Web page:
Braswell Receives Apology, Asks Sheriff To End Criminal Investigation

Johnston County Commissioner Chairman Tony Braswell of Pine Level says he has received an apology from the two individuals responsible for burning his political signs.  With the apology he has asked Sheriff Steve Bizzell to drop a criminal investigation into the incident.

Letter Of Apology

Sign-Burning-3On March 16th, Braswell asked the Johnston County Sheriff’s Office to investigate the burning of several candidates signs including his campaign signs for NC House. Signs belonging to DeVan Barbour of Benson and Sheriff Steve Bizzell were also reportedly burned in photos obtained by the NC Federation of College Republicans (NCFCR) last month in Johnston County.

“After receiving a sincere apology from the individuals involved in the political sign burning incident, today I am asking the sheriff to discontinue his investigation,” Braswell said. “It is time for all us to put this behind us and move forward.  I wish them well as they continue their educational studies and future interest.  Because of their enthusiasm, energy,  and political convictions,  I would hope and encourage them continued involvement in the political arena.”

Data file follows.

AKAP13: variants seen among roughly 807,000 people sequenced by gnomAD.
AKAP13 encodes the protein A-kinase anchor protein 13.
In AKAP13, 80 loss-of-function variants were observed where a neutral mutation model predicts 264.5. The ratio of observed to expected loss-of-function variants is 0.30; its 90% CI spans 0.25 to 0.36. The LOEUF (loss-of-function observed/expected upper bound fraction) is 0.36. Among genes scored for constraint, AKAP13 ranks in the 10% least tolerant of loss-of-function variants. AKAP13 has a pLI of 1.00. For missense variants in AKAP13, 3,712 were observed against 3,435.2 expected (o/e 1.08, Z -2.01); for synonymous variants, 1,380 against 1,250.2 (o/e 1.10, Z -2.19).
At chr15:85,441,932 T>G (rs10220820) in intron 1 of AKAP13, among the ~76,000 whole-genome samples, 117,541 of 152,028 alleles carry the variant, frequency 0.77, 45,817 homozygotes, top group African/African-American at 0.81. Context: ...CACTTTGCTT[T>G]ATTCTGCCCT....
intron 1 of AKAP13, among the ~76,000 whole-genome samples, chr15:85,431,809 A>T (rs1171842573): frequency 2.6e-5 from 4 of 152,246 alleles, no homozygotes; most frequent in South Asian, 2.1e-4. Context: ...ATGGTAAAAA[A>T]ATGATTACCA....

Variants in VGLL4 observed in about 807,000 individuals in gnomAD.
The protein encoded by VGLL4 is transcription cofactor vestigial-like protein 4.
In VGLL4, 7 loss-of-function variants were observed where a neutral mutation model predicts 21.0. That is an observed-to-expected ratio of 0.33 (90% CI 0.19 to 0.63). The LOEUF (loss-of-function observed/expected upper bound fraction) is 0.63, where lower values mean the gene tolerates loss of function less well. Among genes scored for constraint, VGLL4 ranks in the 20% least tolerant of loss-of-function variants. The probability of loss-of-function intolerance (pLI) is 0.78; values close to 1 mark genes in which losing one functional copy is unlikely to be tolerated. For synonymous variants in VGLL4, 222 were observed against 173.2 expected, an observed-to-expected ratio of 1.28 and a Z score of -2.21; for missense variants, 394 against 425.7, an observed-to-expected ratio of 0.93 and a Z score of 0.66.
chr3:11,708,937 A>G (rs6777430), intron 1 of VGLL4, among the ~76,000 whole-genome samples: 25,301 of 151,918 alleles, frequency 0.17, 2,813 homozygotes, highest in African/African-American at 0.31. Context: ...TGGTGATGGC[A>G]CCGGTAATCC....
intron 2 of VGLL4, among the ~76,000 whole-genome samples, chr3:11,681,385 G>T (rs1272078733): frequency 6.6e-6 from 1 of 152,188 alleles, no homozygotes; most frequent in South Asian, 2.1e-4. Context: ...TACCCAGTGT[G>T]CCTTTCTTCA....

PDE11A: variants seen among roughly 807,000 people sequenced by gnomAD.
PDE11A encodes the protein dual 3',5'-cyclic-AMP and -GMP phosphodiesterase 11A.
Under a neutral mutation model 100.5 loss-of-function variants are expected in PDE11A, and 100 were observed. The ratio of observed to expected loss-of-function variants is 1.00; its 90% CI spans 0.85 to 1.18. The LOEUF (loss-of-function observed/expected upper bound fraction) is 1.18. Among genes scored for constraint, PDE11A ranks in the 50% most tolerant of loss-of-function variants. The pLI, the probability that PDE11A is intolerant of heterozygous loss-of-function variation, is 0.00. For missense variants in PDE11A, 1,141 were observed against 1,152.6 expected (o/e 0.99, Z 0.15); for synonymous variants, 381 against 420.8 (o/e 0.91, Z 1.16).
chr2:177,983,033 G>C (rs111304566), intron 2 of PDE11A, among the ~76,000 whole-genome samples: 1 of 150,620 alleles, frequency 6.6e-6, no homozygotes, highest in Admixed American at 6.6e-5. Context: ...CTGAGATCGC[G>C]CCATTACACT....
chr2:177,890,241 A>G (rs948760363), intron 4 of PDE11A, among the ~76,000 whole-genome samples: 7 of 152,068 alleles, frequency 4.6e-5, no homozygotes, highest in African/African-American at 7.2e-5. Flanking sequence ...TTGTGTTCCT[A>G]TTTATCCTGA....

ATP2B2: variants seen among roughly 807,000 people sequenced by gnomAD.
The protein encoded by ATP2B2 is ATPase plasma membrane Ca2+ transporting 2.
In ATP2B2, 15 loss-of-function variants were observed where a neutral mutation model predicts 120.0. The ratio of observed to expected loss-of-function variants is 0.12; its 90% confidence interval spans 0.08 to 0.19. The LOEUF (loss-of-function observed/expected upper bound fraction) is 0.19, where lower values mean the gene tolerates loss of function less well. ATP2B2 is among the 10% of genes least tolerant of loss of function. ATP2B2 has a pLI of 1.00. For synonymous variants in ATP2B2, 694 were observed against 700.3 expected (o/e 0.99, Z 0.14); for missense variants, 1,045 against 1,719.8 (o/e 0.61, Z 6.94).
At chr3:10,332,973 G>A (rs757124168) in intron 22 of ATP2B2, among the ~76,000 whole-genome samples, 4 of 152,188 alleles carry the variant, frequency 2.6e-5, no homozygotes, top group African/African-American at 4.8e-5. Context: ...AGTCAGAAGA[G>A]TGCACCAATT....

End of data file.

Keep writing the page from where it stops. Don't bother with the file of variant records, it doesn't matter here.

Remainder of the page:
Sheriff Bizzell first learned of Commissioner Braswell’s statement from WTSB News.  Bizzell said, “I appreciate Commissioner Braswell’s willingness to accept an apology letter from these two young men who were burning political signs. As Sheriff, I take a lot of personal pride in using common sense in applying the law. And in this case, this was just the right thing to do.”

Last month, Braswell said he was initially told none of his campaign signs were burning. The following day when photos emerged of the incident Braswell said assurance he received his signs were not involved were untrue. That prompted him to ask for the criminal probe.

Both suspects in the incident were members of the NCFCR.  Last month, the group asked both men to resign from their positions with the organization.

Sheriff Asked To Investigate Burning Of Political Signs